I’m not thumbing my nose at Hurricane Irene, but I am still on Fire Island. #saltaire

The evacuation order has been given for Saturday morning; I’ll be well out of here by then.  Unless I get too spooked by the helicopters (there is one now clickety-clacking overhead right now), I will be on the 430p ferry today, Friday, and back in NYC by dinner time.

I remember two previous hurricanes threatening our vulnerable barrier island and NYC.  The first was around 1991.  My in-laws were with us in Saltaire, and it was complicated to move my father-in-law, so we decided to stay.  After the worst was over, and the house stopped vibrating, we walked to the beach, with live power lines snapping on the ground and in the trees, and photographed the beach attacking the thin rim of sand that still remained.  The island had been sawed in half just about a half mile west, and the Great South Bay and the ocean had the reunion that we all know is coming someday.

“You can’t outthink a hurricane,” admonished one elderly resident the following week, when everything was back to normal.  And I agreed.  And I still do!  But it is neither arrogant nor dangerous to stick to my plan last night, that I would spend the day here and get my work done.  Nuts, there is another helicopter.

The second hurricane was around 1995.  I could probably get the date on Google in a second.  I’ll undoubtedly be embarrassed about how far off I am with both dates.  The events are a lot clearer to me:  I was on the beach, just having too good a time with my young son.  Once the lifeguard announced that the evacuation order was imminent, I biked back with Peter behind me on his kiddie seat, both of us probably singing Good Day Sunshine at the top of our lungs for the three minute ride home.   My middle daughter was waiting for me, pacing anxiously, maybe angrily, on the wooden walkway.  She had heard the news and gone into action, and though she was probably about 10, she had already packed for herself and the rest of us, put away the rest of the bikes and locked the doors, and was standing in front of the house, all ready for us to depart.  That’s when I knew for sure that Caroline could galvanize an army and problem-solve rings around her mother and anyone else.  We were on the next ferry.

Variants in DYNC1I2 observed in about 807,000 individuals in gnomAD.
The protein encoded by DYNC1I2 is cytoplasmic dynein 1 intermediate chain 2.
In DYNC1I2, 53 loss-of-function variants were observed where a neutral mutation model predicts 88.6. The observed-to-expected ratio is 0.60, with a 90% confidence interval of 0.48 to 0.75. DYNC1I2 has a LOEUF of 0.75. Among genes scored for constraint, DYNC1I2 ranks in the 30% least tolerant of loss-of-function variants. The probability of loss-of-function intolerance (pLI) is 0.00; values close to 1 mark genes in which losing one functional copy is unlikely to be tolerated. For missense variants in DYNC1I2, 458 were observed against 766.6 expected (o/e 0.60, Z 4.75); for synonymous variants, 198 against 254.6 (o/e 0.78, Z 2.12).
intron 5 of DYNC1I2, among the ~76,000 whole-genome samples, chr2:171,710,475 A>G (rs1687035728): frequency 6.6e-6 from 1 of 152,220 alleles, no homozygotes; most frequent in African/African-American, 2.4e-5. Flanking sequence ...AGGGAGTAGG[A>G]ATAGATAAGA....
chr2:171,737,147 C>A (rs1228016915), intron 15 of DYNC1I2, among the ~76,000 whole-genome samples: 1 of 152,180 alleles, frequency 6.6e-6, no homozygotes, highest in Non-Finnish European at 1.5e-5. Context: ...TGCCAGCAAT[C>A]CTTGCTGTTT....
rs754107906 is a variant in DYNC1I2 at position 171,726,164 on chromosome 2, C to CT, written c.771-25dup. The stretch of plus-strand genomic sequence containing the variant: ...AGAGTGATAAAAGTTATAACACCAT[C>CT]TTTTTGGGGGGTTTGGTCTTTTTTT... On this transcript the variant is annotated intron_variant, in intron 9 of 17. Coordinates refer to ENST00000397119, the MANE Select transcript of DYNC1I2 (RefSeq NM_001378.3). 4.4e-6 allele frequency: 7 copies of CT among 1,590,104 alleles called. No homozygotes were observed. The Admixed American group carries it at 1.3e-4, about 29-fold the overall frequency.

I’ll take pictures before I leave.  Maybe take a look around and bring some precious relics with me.  Like my Macbook Pro and the draft of my book!